(Updates after rate decisions, adds India, Nigeria)
By Carolyn Cohn and Philip Baillie
LONDON, July 23 The lira steadied below
one-month highs on Tuesday after a relatively modest interest
rate hike by Turkey's central bank, while the Hungarian forint
hit four-week lows after a rate cut and the promise of more to
Turkey's central bank has been acting in recent weeks to
shore up the currency, whch has fallen on global fears about the
withdrawal of U.S. stimulus and by domestic political tensions.
In contrast, Hungary is easing policy to boost a sluggish
Turkey's central bank raised its overnight lending rate by
75 basis points to 7.25 percent, where many analysts had
expected a 100 bps rise.
"As long as global risk sentiment remains intact, the
current rate hike might be enough to stabilise financial markets
at current rates," BNP Paribas analysts said in a client note,
adding that a winding down of the U.S. Federal Reserve's
stimulus programme towards the end of the year might make a
further Turkish rate hike necessary.
The lira hit one-month highs shortly before the rate
rise, before trimming gains to trade flat on the day.
Turkish stocks, which had been rallying on
expectations of a rate hike to support the lira, took back
earlier gains and were down 0.25 percent on the day.
The forint hit four-week lows against the euro
after Hungary's central bank cut interest rates for the 12th
successive time, to 4 percent, and governor Gyorgy Matolcsy said
in his first post-meeting news conference the rate-cutting cycle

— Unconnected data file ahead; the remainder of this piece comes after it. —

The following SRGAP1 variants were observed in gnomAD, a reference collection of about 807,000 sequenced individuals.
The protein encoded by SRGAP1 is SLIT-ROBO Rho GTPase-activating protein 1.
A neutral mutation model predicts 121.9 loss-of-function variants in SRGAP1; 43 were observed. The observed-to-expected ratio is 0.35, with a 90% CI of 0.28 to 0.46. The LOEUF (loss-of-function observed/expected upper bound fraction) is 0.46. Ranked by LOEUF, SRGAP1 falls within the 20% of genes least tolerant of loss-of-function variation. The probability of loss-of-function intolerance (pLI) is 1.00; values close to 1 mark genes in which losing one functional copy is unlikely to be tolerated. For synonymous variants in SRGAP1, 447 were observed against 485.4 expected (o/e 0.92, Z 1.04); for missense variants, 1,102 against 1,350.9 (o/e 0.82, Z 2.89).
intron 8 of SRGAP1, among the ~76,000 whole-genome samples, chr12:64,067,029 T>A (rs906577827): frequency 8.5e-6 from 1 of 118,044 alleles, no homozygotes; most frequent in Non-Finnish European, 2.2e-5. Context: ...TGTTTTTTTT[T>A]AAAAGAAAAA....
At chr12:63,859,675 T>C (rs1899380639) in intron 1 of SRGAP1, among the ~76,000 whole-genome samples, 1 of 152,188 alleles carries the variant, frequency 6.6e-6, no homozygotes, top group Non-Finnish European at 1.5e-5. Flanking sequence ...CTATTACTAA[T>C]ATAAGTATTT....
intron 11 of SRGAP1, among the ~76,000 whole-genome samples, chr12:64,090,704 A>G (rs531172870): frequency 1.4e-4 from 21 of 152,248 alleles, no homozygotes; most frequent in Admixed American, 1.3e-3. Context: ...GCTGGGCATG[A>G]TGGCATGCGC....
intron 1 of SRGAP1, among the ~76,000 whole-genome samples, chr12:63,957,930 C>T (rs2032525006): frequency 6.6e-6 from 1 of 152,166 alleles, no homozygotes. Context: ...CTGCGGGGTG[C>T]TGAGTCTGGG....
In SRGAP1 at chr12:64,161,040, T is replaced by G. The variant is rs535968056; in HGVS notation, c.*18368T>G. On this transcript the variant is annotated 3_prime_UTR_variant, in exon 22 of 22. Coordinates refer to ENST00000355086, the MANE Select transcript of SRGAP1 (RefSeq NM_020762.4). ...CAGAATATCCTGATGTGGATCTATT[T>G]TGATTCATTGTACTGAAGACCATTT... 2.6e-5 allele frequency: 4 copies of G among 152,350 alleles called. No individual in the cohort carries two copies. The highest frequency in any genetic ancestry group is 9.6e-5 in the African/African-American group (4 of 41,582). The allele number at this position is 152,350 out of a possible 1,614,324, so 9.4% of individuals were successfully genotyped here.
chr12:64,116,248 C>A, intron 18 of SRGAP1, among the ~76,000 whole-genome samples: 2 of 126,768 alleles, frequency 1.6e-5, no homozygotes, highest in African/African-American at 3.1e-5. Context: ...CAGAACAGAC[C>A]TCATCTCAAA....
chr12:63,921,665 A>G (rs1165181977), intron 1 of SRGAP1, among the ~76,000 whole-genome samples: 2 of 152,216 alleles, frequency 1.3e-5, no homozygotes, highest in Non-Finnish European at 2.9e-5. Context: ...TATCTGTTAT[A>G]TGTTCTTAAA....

Hungarian stocks fell 0.5 percent towards three-month
lows set last week, though shares in bank OTP edged
up. OTP shares fell sharply in recent days after the bank's
chief executive sold nearly all his shares following the
announcement of government plans to change the terms of private
foreign currency loans, a move likely to lead to bank losses.
Both Hungary and Turkey have rattled the markets in the past
couple of years with unconventional government and central bank
measures. Investors' initial uncertainty has largely given way
to enthusiasm, however, although Turkey saw a dramatic sell-off
in recent weeks following anti-government protests.
The rupee inched up after India's central bank, which
like Turkey is trying to pull its currency off record lows,
announced fresh steps to tighten liquidity.
In Nigeria, the naira hit an eight-day low after the
central bank left rates unchanged at 12 percent but hiked banks'
cash reserve requirement for public sector deposits to 50
percent from 12 percent to support the currency.
Broad emerging stocks rallied 1.5 percent to
six-week highs following strong gains in Chinese shares
, and emerging sovereign debt spreads tightened
by 3 basis points to 318 bps over U.S. Treasuries.
Emerging shares have risen 9 percent in the past four weeks,
helped by more cautious comments from U.S. Federal Reserve
Chairman Ben Bernanke about the withdrawal of monetary stimulus,
but the shares remain 8.5 percent down on the year.